SIMBAD references

2017MNRAS.467..737C - Mon. Not. R. Astron. Soc., 467, 737-746 (2017/May-1)

A study of methanol and silicon monoxide production through episodic explosions of grain mantles in the Central Molecular Zone.


Abstract (from CDS):

Methanol (CH3OH) is found to be abundant and widespread towards the Central Molecular Zone, the inner few hundred parsecs of our Galaxy. Its origin is, however, not fully understood. It was proposed that the high cosmic ray ionization rate in this region could lead to a more efficient non-thermal desorption of this species formed on grain surfaces, but it would also mean that this species is destroyed in a relatively short time-scale. In a first step, we run chemical models with a high cosmic ray ionization rate and find that this scenario can only reproduce the lowest abundances of methanol derived in this region (∼10–9-10–8). In a second step, we investigate another scenario based on episodic explosions of grain mantles. We find a good agreement between the predicted abundances of methanol and the observations. We find that the dominant route for the formation of methanol is through hydrogenation of CO on the grains, followed by the desorption due to the grain mantle explosion. The cyclic aspect of this model can explain the widespread presence of methanol without requiring any additional mechanism. We also model silicon monoxide (SiO), another species detected in several molecular clouds of the Galactic Centre. An agreement is found with observations for a high depletion of Si (Si/H ∼ 10–8) with respect to the solar abundance.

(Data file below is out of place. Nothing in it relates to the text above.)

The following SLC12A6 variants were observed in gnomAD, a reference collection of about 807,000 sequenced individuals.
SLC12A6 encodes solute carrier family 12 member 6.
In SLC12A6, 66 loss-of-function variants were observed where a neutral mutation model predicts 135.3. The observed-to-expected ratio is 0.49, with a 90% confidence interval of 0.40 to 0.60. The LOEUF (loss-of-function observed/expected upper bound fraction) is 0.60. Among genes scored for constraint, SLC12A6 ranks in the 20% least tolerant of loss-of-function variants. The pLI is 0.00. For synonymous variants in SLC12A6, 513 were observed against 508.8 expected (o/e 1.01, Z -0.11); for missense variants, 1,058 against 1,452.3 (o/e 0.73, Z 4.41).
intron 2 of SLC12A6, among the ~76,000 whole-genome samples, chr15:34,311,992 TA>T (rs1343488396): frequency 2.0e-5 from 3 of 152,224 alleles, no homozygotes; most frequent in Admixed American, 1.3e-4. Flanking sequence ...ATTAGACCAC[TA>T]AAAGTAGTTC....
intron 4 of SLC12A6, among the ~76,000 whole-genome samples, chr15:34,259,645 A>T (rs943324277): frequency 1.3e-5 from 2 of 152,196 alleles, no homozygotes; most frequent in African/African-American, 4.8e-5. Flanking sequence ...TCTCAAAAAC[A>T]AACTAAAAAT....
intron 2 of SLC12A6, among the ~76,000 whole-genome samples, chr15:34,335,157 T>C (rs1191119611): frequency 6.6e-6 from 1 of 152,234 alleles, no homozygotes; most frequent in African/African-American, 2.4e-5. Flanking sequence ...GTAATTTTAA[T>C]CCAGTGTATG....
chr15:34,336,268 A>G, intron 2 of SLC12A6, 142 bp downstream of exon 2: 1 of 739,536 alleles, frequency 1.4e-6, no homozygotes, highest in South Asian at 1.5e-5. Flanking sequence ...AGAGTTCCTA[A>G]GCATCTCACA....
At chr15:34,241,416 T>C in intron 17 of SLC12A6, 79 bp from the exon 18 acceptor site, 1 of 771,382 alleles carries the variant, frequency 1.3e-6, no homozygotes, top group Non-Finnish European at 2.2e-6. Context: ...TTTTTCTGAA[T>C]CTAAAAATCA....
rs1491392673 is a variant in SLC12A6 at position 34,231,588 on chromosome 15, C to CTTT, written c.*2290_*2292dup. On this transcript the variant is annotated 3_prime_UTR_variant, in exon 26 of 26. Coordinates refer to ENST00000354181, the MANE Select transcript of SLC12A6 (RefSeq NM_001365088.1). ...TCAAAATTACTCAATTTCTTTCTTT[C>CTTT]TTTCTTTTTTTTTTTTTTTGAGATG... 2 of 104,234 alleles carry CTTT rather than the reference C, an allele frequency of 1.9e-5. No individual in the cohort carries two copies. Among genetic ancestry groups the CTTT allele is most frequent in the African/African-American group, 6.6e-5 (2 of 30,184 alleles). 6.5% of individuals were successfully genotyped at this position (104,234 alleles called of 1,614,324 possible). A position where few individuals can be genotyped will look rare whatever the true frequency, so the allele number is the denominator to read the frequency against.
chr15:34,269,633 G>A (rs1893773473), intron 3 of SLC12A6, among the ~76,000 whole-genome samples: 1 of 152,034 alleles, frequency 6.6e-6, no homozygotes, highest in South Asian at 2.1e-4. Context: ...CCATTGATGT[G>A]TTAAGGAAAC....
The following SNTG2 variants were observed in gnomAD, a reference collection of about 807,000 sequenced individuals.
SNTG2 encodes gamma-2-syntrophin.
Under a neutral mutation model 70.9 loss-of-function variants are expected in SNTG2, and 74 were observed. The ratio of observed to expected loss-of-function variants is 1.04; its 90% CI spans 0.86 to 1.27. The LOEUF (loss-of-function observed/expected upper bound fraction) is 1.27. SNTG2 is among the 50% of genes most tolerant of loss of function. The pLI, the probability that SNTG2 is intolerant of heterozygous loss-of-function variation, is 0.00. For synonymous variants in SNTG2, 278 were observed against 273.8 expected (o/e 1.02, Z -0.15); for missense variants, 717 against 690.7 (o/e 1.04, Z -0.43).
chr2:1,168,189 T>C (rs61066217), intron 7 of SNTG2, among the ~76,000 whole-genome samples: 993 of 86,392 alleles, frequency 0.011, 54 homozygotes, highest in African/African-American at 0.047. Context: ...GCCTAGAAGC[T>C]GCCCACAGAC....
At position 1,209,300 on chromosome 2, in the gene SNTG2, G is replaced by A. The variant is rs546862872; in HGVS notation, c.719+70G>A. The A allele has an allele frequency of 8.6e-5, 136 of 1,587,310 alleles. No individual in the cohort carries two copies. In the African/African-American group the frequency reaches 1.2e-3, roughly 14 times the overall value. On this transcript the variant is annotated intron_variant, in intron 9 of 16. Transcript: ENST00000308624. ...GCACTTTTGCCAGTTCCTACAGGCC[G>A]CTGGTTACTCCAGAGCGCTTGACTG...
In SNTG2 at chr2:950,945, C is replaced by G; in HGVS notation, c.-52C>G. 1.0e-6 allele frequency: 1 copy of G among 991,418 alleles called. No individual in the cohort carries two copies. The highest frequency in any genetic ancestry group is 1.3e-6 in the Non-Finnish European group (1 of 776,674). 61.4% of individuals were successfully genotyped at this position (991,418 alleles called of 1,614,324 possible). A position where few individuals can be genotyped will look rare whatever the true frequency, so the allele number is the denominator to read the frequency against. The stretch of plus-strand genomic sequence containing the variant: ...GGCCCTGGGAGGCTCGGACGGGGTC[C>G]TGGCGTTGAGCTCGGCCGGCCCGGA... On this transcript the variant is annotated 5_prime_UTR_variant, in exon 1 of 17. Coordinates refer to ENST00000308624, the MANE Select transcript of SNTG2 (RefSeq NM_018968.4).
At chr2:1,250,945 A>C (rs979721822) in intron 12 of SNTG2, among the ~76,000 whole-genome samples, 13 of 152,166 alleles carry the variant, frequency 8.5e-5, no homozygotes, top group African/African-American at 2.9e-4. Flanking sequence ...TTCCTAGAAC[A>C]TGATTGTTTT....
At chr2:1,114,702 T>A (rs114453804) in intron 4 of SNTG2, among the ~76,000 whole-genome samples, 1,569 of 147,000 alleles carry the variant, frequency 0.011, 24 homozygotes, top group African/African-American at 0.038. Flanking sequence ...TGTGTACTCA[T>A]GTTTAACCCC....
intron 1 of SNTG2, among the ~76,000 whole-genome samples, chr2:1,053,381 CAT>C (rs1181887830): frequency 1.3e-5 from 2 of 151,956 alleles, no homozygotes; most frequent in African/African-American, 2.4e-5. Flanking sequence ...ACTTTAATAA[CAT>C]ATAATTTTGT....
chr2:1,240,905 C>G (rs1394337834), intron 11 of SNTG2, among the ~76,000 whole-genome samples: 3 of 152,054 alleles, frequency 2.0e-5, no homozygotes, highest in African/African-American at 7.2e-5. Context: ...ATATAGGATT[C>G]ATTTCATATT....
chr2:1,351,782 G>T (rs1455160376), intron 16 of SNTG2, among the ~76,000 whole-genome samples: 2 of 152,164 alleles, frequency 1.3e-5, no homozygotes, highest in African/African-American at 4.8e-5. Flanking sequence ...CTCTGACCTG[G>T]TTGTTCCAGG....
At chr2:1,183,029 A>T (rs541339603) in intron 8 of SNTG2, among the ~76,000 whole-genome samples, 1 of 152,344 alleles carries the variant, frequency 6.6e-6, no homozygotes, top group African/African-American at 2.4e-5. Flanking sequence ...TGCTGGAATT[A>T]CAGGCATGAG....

Abstract Copyright: © 2017 The Authors Published by Oxford University Press on behalf of the Royal Astronomical Society

Journal keyword(s): astrochemistry - ISM: molecules - Galaxy: abundances - Galaxy: centre - Galaxy: centre

Simbad objects: 10

goto Full paper

goto View the references in ADS

To bookmark this query, right click on this link: simbad:2017MNRAS.467..737C and select 'bookmark this link' or equivalent in the popup menu


© Université de Strasbourg/CNRS

    • Contact